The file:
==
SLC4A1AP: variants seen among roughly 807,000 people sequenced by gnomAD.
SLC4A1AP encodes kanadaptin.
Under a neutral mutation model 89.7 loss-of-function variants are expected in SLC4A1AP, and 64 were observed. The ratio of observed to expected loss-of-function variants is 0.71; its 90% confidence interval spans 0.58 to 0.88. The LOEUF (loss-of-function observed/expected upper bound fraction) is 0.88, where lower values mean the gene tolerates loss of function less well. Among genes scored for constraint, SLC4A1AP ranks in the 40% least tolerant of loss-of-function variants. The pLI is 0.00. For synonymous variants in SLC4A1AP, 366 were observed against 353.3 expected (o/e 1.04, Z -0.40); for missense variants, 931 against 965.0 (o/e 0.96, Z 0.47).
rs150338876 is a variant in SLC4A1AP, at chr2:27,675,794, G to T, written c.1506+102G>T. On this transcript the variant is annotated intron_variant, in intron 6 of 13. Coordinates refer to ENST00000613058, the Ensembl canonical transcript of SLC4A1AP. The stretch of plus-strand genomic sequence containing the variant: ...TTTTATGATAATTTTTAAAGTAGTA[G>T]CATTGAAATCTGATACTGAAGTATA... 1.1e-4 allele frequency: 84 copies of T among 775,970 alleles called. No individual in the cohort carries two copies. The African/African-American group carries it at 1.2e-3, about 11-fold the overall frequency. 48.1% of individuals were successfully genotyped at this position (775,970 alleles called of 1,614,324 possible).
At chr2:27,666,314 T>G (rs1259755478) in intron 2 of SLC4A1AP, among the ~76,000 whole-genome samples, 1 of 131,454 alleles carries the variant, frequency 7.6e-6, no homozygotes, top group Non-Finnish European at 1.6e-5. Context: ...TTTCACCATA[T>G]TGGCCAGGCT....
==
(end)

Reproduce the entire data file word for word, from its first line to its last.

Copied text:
SLC4A1AP: variants seen among roughly 807,000 people sequenced by gnomAD.
SLC4A1AP encodes kanadaptin.
Under a neutral mutation model 89.7 loss-of-function variants are expected in SLC4A1AP, and 64 were observed. The ratio of observed to expected loss-of-function variants is 0.71; its 90% confidence interval spans 0.58 to 0.88. The LOEUF (loss-of-function observed/expected upper bound fraction) is 0.88, where lower values mean the gene tolerates loss of function less well. Among genes scored for constraint, SLC4A1AP ranks in the 40% least tolerant of loss-of-function variants. The pLI is 0.00. For synonymous variants in SLC4A1AP, 366 were observed against 353.3 expected (o/e 1.04, Z -0.40); for missense variants, 931 against 965.0 (o/e 0.96, Z 0.47).
rs150338876 is a variant in SLC4A1AP, at chr2:27,675,794, G to T, written c.1506+102G>T. On this transcript the variant is annotated intron_variant, in intron 6 of 13. Coordinates refer to ENST00000613058, the Ensembl canonical transcript of SLC4A1AP. The stretch of plus-strand genomic sequence containing the variant: ...TTTTATGATAATTTTTAAAGTAGTA[G>T]CATTGAAATCTGATACTGAAGTATA... 1.1e-4 allele frequency: 84 copies of T among 775,970 alleles called. No individual in the cohort carries two copies. The African/African-American group carries it at 1.2e-3, about 11-fold the overall frequency. 48.1% of individuals were successfully genotyped at this position (775,970 alleles called of 1,614,324 possible).
At chr2:27,666,314 T>G (rs1259755478) in intron 2 of SLC4A1AP, among the ~76,000 whole-genome samples, 1 of 131,454 alleles carries the variant, frequency 7.6e-6, no homozygotes, top group Non-Finnish European at 1.6e-5. Context: ...TTTCACCATA[T>G]TGGCCAGGCT....